Will IPv6 networks be ready to handle government's needs?

The next version of Internet Protocols is essential to the Defense Department's net-centric vision, and the government has committed to having its networks running IPv6 by 2008.

Will those networks provide the performance needed to connect a multitude of new devices with real-time communications to provide a level of situational awareness not available now? Nobody knows for sure. But for the time being, you cannot expect IPv4 speeds on an IPv6 network.

Latency grows and performance decreases for many network devices processing IPv6 packets, said Bill Kine, a product manager for Spirent Communications Inc. of Calabasas, Calif.

'That is a reality of having to process the 128-bit addresses,' Kine said at last month's U.S. IPv6 Summit. 'We're asking the devices to do a little bit more.'

Although most networking hardware and software, and some applications, are IPv6-capable today, they are designed for IPv4 as the primary protocol. Many of the new protocol's benefits are provided by its larger packet headers and addresses, which provide more information but also require more work to process.

Putting IPv6 packets on an IPv4 network is like putting a bunch of Hummers on a highway designed for Volkswagen Beetles. No matter how powerful the new vehicles are, they aren't likely to get anywhere too quickly.

This situation is likely to change as IPv6 becomes the protocol of choice and products are designed to its specifications. But for now, we know little about how IPv6 packets really work on our networks.

'We're making a lot of progress in IPv6 testing, but we can't pat ourselves on the back yet,' Kine said.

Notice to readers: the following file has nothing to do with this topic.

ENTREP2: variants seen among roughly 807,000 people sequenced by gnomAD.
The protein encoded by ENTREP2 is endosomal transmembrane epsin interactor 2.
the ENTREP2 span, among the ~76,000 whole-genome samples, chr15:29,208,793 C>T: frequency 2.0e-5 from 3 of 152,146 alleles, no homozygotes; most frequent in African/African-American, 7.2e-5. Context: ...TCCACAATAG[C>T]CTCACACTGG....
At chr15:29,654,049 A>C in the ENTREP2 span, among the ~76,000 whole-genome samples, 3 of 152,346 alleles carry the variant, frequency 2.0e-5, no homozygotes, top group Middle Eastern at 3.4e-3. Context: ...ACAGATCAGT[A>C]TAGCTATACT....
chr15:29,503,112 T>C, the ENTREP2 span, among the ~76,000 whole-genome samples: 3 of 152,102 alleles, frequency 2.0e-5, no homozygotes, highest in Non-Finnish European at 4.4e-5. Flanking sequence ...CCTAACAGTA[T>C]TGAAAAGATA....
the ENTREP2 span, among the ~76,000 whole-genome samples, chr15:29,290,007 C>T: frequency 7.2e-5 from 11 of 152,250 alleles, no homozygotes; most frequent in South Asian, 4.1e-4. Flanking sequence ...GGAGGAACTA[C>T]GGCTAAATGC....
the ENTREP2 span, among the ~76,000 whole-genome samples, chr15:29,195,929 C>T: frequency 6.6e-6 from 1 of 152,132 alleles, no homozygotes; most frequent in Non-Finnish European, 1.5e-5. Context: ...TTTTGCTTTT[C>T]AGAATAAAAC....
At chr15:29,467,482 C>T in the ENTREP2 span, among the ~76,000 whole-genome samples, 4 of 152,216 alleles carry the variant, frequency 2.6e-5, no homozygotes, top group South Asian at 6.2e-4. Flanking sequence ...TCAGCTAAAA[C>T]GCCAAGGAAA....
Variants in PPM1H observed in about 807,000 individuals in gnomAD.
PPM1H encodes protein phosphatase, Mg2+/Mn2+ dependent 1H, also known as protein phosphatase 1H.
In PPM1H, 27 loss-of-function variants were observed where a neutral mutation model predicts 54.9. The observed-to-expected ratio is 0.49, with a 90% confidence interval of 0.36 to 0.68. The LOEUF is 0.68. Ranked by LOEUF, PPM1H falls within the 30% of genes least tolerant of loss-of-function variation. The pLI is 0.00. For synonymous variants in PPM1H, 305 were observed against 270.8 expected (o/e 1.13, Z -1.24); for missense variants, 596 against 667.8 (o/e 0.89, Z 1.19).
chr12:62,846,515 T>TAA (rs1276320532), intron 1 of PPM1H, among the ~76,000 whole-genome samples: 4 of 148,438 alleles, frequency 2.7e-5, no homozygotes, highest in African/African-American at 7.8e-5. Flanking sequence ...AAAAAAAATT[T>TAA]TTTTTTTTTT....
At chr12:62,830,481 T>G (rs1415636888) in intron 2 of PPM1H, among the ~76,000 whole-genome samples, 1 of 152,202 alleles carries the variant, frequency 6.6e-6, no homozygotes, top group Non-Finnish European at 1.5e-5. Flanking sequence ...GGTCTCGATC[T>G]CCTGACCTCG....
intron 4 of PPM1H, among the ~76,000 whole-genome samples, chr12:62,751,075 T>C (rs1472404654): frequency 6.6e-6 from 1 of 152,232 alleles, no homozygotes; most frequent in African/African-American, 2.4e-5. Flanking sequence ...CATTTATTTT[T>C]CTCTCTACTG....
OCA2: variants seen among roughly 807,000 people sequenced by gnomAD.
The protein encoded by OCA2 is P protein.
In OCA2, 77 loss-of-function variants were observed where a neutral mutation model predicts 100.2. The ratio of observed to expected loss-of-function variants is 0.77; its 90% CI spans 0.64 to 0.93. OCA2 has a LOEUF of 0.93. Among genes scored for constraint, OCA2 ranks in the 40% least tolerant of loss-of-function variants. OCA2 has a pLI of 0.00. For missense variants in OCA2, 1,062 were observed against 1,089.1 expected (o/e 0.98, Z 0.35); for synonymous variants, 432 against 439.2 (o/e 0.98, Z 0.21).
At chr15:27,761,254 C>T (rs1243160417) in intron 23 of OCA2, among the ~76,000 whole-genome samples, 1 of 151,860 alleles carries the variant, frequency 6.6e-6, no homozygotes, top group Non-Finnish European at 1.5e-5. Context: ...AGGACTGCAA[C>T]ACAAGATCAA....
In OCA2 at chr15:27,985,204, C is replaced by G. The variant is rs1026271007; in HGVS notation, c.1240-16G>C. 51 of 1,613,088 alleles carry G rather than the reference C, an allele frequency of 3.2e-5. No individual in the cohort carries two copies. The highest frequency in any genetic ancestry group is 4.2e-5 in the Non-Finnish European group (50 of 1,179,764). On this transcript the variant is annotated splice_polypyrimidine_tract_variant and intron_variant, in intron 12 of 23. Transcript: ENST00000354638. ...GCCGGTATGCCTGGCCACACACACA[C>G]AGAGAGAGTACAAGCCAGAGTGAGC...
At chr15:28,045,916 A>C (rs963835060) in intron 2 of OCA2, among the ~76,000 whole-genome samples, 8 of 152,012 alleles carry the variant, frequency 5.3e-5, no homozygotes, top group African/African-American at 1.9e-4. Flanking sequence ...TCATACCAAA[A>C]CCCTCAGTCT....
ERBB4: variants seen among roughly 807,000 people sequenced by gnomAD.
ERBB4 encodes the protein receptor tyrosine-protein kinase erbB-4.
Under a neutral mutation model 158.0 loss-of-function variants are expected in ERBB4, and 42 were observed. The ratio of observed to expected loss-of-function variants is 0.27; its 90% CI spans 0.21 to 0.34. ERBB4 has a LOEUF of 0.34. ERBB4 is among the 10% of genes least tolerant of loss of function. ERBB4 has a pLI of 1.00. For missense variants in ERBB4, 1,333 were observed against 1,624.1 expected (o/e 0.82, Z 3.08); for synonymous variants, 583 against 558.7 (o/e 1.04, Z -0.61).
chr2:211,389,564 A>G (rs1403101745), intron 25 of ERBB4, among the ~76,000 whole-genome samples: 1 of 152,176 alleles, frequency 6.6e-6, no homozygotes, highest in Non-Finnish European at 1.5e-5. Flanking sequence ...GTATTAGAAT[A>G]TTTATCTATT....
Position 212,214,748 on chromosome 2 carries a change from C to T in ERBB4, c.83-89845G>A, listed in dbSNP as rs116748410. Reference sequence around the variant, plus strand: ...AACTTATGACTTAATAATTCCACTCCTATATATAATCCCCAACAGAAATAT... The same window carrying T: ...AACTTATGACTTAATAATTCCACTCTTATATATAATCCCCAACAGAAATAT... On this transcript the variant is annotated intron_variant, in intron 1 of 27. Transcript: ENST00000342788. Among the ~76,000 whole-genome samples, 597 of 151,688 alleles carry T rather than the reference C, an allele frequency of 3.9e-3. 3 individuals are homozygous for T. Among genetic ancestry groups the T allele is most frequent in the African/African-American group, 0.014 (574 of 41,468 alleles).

Spirent, a manufacturer of testing equipment, has partnered with the consulting firm V6 Transition to establish an IPv6 testing center in Northern Virginia that will help answer these questions. V6 Transition is a subsidiary of Innofone Inc. of Santa Monica, Calif.

Although testing for conformance with IPv6 standards has been available for five years, functional testing of equipment is just getting started.

So far we know that networks can forward IPv6 packets and that end devices can cooperate with IPv6, although most implementations have been over small, in-house networks.

What we don't know

But we do not know much about how well equipment actually performs with IPv6, or when running a combination of versions 4 and 6. What is the recovery time for failures? What is the speed of routing?

Scalability is an issue. The 128-bit IPv6 addresses are four times as large as the current 32-bit addresses used in IPv4. Will they require four times as much memory in a router?

Kine said that in tests, a small edge router that could hold 50,000 IPv4 addresses could accommodate only about 15,000 IPv6 addresses. He has not tested it using both at the same time.

Quality of service is another issue. Performance parameters of IPv4 devices are well known in most circumstances so that service levels can be guaranteed.

'Version 6 performance is all over the chart,' Kine said. 'We don't know how to guarantee service levels for it.'

These questions eventually will be answered and improvements made, but in the meantime, IPv6 is not likely to be a quick fix for performance needs.

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